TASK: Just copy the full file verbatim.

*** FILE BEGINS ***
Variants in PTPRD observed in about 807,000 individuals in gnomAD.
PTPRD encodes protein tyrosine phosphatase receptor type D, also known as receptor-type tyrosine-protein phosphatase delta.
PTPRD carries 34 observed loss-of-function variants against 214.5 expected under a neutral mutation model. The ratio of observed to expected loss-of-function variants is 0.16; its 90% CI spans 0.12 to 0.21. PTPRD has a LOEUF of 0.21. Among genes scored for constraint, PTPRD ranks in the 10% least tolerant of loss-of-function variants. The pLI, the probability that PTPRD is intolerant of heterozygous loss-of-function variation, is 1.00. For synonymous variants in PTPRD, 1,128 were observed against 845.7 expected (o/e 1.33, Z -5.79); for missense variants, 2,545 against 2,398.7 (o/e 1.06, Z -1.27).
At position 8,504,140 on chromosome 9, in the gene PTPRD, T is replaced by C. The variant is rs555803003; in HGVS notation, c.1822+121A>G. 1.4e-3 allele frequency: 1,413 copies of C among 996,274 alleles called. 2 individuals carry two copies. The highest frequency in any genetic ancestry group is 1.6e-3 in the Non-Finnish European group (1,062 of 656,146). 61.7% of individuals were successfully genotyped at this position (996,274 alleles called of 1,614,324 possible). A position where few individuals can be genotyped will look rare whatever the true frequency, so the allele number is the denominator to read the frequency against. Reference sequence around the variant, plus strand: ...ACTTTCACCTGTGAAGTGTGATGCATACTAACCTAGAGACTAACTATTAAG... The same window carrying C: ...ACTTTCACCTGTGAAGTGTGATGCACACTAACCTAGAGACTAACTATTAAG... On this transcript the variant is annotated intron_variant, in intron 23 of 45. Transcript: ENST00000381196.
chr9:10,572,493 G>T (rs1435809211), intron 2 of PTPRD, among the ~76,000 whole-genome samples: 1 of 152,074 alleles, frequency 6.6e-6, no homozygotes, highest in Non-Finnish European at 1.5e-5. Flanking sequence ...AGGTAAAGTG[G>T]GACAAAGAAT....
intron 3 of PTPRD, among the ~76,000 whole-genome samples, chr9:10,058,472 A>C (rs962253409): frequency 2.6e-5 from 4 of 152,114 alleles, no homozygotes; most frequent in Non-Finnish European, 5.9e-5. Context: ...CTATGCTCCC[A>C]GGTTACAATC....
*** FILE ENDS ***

Variants in PTPRD observed in about 807,000 individuals in gnomAD.
PTPRD encodes protein tyrosine phosphatase receptor type D, also known as receptor-type tyrosine-protein phosphatase delta.
PTPRD carries 34 observed loss-of-function variants against 214.5 expected under a neutral mutation model. The ratio of observed to expected loss-of-function variants is 0.16; its 90% CI spans 0.12 to 0.21. PTPRD has a LOEUF of 0.21. Among genes scored for constraint, PTPRD ranks in the 10% least tolerant of loss-of-function variants. The pLI, the probability that PTPRD is intolerant of heterozygous loss-of-function variation, is 1.00. For synonymous variants in PTPRD, 1,128 were observed against 845.7 expected (o/e 1.33, Z -5.79); for missense variants, 2,545 against 2,398.7 (o/e 1.06, Z -1.27).
At position 8,504,140 on chromosome 9, in the gene PTPRD, T is replaced by C. The variant is rs555803003; in HGVS notation, c.1822+121A>G. 1.4e-3 allele frequency: 1,413 copies of C among 996,274 alleles called. 2 individuals carry two copies. The highest frequency in any genetic ancestry group is 1.6e-3 in the Non-Finnish European group (1,062 of 656,146). 61.7% of individuals were successfully genotyped at this position (996,274 alleles called of 1,614,324 possible). A position where few individuals can be genotyped will look rare whatever the true frequency, so the allele number is the denominator to read the frequency against. Reference sequence around the variant, plus strand: ...ACTTTCACCTGTGAAGTGTGATGCATACTAACCTAGAGACTAACTATTAAG... The same window carrying C: ...ACTTTCACCTGTGAAGTGTGATGCACACTAACCTAGAGACTAACTATTAAG... On this transcript the variant is annotated intron_variant, in intron 23 of 45. Transcript: ENST00000381196.
chr9:10,572,493 G>T (rs1435809211), intron 2 of PTPRD, among the ~76,000 whole-genome samples: 1 of 152,074 alleles, frequency 6.6e-6, no homozygotes, highest in Non-Finnish European at 1.5e-5. Flanking sequence ...AGGTAAAGTG[G>T]GACAAAGAAT....
intron 3 of PTPRD, among the ~76,000 whole-genome samples, chr9:10,058,472 A>C (rs962253409): frequency 2.6e-5 from 4 of 152,114 alleles, no homozygotes; most frequent in Non-Finnish European, 5.9e-5. Context: ...CTATGCTCCC[A>C]GGTTACAATC....